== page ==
The following are facts about persons defined as "poor" by the Census Bureau, taken from various gov­ernment reports:

  • Forty-three percent of all poor households actu­ally own their own homes. The average home owned by persons classified as poor by the Census Bureau is a three-bedroom house with one-and-a-half baths, a garage, and a porch or patio.

  • Eighty percent of poor households have air conditioning. By contrast, in 1970, only 36 percent of the entire U.S. population enjoyed air conditioning.

  • Only 6 percent of poor households are over­crowded. More than two-thirds have more than two rooms per person.

  • The average poor American has more living space than the average individual living in Paris, London, Vienna, Athens, and other cities throughout Europe. (These comparisons are to the average citizens in foreign countries, not to those classified as poor.)

  • Nearly three-quarters of poor households own a car; 31 percent own two or more cars.

  • Ninety-seven percent of poor households have a color television; over half own two or more color televisions.

  • Seventy-eight percent have a VCR or DVD player; 62 percent have cable or satellite TV reception.

  • Eighty-nine percent own microwave ovens, more than half have a stereo, and more than a third have an automatic dishwasher.

As a group, America's poor are far from being chronically undernourished. The average consump­tion of protein, vitamins, and minerals is virtually the same for poor and middle-class children and, in most cases, is well above recommended norms.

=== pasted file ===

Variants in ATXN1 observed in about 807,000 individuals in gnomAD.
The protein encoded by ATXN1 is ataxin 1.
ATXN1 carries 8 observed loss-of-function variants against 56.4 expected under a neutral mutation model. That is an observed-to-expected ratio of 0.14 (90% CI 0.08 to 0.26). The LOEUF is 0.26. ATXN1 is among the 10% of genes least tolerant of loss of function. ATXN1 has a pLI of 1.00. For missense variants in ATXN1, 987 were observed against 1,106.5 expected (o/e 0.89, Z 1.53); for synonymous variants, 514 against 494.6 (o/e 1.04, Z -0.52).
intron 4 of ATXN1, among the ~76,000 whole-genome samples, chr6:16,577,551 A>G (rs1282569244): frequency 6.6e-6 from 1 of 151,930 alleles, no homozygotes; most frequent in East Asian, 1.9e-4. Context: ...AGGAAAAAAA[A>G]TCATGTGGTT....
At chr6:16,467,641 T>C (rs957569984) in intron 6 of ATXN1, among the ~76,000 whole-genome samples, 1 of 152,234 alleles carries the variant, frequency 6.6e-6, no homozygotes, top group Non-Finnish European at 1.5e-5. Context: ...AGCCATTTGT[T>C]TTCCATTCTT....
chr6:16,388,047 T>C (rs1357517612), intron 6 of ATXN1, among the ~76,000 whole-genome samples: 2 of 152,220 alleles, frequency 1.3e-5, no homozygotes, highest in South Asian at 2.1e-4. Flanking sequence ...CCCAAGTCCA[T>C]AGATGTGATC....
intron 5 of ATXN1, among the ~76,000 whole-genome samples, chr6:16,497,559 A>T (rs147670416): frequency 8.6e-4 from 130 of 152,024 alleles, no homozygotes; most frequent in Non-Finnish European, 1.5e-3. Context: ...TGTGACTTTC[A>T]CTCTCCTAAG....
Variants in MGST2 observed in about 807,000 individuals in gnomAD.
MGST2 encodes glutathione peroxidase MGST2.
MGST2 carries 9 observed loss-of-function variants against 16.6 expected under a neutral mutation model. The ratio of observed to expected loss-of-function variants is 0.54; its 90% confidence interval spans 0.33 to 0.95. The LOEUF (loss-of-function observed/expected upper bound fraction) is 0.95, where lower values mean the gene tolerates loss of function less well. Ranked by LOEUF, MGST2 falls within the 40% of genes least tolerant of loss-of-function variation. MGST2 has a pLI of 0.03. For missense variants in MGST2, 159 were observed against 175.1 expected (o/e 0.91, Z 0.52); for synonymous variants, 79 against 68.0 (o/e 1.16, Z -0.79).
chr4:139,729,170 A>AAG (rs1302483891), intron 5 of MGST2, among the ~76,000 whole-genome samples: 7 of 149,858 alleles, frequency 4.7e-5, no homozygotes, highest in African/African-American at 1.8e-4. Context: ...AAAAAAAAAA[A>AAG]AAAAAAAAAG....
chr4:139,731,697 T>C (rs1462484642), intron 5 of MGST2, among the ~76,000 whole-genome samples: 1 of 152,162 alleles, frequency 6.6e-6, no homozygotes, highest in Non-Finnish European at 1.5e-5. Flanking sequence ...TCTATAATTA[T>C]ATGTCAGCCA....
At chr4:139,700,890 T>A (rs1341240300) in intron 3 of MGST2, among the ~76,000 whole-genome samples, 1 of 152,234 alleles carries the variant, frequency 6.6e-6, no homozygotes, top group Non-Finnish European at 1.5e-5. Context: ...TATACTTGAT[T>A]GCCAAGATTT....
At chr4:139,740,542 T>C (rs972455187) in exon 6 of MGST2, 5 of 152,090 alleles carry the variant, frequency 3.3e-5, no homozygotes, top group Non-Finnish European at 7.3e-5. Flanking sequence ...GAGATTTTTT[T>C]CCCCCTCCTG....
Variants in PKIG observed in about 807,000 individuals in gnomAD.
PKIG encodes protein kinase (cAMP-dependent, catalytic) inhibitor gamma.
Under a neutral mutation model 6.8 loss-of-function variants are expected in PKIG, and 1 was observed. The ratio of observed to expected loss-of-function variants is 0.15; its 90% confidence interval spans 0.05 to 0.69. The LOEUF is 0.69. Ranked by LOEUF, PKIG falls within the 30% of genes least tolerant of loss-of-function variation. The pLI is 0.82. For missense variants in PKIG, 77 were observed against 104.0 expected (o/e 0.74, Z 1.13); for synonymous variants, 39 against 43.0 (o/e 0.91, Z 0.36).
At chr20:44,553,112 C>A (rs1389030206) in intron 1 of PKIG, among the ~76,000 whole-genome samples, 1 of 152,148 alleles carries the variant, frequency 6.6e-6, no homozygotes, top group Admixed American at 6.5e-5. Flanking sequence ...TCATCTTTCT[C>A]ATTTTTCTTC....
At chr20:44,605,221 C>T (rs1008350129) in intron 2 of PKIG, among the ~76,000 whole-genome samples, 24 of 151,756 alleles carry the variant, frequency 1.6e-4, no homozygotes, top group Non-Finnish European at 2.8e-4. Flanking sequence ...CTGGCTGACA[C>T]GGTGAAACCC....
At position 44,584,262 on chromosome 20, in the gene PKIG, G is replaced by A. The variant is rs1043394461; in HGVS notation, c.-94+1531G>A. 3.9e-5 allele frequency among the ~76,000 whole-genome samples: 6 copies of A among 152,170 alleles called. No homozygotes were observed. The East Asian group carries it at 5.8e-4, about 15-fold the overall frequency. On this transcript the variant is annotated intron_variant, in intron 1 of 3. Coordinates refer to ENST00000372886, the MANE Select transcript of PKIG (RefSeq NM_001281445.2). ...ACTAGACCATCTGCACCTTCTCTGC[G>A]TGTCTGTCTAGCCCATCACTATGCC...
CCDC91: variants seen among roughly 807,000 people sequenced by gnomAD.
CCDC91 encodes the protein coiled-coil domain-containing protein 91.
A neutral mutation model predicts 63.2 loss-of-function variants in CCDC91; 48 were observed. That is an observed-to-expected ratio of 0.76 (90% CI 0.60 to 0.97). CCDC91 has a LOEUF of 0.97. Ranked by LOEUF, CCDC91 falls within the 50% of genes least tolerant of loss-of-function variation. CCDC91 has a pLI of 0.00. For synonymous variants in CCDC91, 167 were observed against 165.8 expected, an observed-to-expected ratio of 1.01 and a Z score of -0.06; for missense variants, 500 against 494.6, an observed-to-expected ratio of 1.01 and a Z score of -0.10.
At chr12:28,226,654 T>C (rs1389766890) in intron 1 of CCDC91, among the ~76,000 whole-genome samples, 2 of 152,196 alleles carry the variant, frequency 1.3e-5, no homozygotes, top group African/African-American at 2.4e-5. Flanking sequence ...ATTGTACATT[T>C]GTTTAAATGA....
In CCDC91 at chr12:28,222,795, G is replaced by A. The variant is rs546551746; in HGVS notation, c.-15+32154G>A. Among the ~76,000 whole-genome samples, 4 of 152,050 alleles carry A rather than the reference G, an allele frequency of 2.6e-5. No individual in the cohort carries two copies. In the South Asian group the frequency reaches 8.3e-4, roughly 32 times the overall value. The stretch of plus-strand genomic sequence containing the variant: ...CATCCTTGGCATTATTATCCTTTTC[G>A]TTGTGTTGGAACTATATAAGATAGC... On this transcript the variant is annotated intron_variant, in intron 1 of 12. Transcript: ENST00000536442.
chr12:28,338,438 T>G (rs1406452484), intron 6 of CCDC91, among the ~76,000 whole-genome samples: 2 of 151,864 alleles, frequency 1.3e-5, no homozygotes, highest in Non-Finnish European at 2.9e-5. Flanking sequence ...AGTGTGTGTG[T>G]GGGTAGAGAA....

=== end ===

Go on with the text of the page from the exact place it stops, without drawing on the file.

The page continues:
Now, of course, that doesn't mean that poverty doesn't exist in the US. The above are averages. And there certainly are poeple here who fall below those averages. But compare that with developing nations. And what do you find that's different? Poverty in places like Africa and China is killing people. Here, almost no one dies of starvation. Instead the focus is on increasing access of "the poor" to middle class goods and services.

So what's the difference? Here, we've actually done something about poverty. And what have we done? We have a government that protects liberty better than anywhere else in the world. That liberty allows for innovation which drags the entire country out of poverty. Yes the rich get richer. But by every measurable account, so do the poor. The things we've done here should be the model for attacking poverty throughout the world.

But I find it increasingly difficult to find an organization who's willing to actually teach the world to fish! Now, I give to those programs even though I think they're not helping in the long run, because people's lives are at stake. I'm happy to argue about the most effective way to fix it in the long run as long as we're keeping people from dieing in the short run. But almost no one is talking about how to fix the main thing that keeps poor countries poor: bad government. For example, consider Africa, as reported by this African:

The amount that the developed nations give to Africa creates an incentive for the African governments to dedicate *MOST* of their time collecting more handouts instead of using the generosity to produce an economy that works without handouts.

I'm anxious to read Shane Claiborne's book but before I even crack it, I'm skeptical that it's really going to do much to increase focus on long-run solutions to poverty. Which is where the real gains are. I don't mean to say that we should diminish any short run solutions. I just wish that there was *some* support for long-run solutions.